When I was little, my Dad would take me to a family property on Spec Pond during the winter to let me ice skate. I enjoyed this time with my Dad and would twirl away on the pond in my little 5 year old world. On one occasion, my Dad noticed an area where the ice looked dark and appeared to have a hole. If I skated too close I could have fallen in and died. My Dad would not have been able to save me had I gone under the ice. He calmly called my name and asked me to come to the shoreline where he was standing.  I was having fun and really didn’t want to go back to the shoreline, but being the obedient child, I did as I was told. (If I was 14 in this story, there may have been a different outcome.) I remember skating back and my Dad giving me an extra big hug. He told me there was danger out there – a hole near where I was skating and I could have fallen into the icy water. I shivered, even today, thinking about what might have happened. I put my trust in my earthly father to guide my path and keep me safe. In the same way, we need to put our trust in our Heavenly Father for guidance.

 God often puts things in our path to change the progression of something that might be harmful- to give us a moment to reconsider what we are doing. I know one individual who struggled with alcohol. He was trying to stay sober, had some clean time but decided this day his problems were too big. He had a bottle of liquor out and was about to open the bottle. The phone suddenly rang and startled him- the long conversation that ensued kept that man from taking a drink that day. That was many years ago and he is still sober today. Have you ever been about to do something you didn’t think you should and the phone rang or perhaps someone knocked at the door? Or maybe you got upset to be caught in traffic but later found out there was a bad accident ahead that you might have been involved in? I believe that’s one of those pruning moments of the Lord’s to make us grow in the right way like the fig tree. When we ask God for a plan and help to guide our lives, we shouldn’t be surprised when HE gets involved.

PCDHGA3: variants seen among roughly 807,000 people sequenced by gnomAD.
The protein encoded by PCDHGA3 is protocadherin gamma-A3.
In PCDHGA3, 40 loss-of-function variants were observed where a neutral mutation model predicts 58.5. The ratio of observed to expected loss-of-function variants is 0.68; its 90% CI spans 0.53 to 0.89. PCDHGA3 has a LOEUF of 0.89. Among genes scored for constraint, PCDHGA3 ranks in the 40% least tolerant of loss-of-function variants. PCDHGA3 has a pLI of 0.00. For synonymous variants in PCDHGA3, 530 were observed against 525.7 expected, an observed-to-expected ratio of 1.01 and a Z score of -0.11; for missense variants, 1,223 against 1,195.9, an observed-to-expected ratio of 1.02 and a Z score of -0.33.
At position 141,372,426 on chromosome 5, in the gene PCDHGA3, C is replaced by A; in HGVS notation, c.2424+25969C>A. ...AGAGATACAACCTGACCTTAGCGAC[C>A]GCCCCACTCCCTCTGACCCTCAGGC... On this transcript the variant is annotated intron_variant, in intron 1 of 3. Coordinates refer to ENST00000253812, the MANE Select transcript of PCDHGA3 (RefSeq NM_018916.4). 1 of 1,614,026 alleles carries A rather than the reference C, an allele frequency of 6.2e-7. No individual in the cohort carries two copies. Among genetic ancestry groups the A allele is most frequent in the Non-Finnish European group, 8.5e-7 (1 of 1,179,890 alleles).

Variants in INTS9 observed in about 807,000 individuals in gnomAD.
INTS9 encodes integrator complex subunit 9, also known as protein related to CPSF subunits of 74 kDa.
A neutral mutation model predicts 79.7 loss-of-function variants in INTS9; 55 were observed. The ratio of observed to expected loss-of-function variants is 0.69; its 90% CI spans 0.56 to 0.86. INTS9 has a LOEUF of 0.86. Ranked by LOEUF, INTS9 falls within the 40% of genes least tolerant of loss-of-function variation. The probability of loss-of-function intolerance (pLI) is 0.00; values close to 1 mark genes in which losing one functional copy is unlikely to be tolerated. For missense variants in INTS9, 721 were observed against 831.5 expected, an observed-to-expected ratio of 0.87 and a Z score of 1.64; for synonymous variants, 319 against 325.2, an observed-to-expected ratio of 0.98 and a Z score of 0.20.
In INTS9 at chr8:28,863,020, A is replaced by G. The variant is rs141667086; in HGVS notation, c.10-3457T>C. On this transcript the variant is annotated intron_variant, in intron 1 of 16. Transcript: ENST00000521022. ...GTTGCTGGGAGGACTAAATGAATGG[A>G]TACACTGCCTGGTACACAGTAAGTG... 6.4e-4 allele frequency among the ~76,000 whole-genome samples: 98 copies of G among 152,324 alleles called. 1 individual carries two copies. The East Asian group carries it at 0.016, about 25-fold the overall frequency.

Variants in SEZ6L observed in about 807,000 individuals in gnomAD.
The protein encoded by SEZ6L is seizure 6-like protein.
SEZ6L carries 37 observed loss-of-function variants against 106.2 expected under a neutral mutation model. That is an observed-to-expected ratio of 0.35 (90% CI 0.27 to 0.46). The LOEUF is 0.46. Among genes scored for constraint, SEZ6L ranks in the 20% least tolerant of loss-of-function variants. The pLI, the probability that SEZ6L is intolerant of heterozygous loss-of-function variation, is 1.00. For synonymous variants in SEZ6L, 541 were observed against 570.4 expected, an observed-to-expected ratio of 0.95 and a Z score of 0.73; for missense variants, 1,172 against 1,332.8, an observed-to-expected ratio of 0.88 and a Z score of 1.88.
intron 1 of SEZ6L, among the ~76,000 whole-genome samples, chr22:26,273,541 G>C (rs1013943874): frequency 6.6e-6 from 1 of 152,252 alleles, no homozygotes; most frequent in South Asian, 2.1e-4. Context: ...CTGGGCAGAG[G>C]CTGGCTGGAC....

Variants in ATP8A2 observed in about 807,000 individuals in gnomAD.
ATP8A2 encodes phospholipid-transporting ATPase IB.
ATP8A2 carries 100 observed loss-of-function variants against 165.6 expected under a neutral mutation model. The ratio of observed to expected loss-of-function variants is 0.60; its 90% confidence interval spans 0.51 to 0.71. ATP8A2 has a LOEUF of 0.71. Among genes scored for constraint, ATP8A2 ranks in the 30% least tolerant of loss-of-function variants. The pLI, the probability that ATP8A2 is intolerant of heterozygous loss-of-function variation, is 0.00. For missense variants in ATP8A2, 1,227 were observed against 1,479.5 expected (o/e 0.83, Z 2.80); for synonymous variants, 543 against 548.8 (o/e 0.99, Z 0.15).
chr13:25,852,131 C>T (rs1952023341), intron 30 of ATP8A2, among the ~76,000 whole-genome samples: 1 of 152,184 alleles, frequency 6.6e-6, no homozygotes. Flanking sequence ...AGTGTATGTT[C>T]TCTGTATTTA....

As a 100% Viking woman, asking for help is hard, but God puts His Special Angels all around to guide us in times of need. Some of us need more help than others.  Maybe you need help shoveling your walkway, going to the grocery store or taking care of a loved one? Taking care of my Dad long distance, I had to put my faith and trust in others (Special Angels- Nurse Lisa and Joann) to do the right thing for my father in MA when I was in NJ. It was a tough but necessary lesson to learn. “He guides the humble in what is right and teaches them His way.” In prayer, I try not to ask for specifics – wisdom, guidance and acceptance for God’s will. (That last part is often the hardest, most humbling and revealing of our own character.)

3.)THE GREAT REWARDS: Our last reading from Luke is Apocalyptic. It talks about end times and “signs”. This particular verse states “When they (fig trees) sprout leaves…you know that the summer is near.” Luke is likely referring to Jesus’s second coming but we don’t know when that is. “The Kingdom of God is near.”  Patience is the watch word and we must have our “heads up” in alert.  Advent is coming and that is where we find ourselves in the church calendar. We see the promise of the birth of Baby Jesus - God’s only Son given, to later take our sins. What an incredible gift! My Dad always referred to March 8th (my birthday) in this way, “It’s your Birthday but I get the gift.” (Meaning me!) How appropriate to look at Jesus’ birthday in this way- we are the ones who get “the gift”- Hope in a future, Grace, Mercy, Forgiveness of sins and Everlasting Life? These are the best presents under the tree.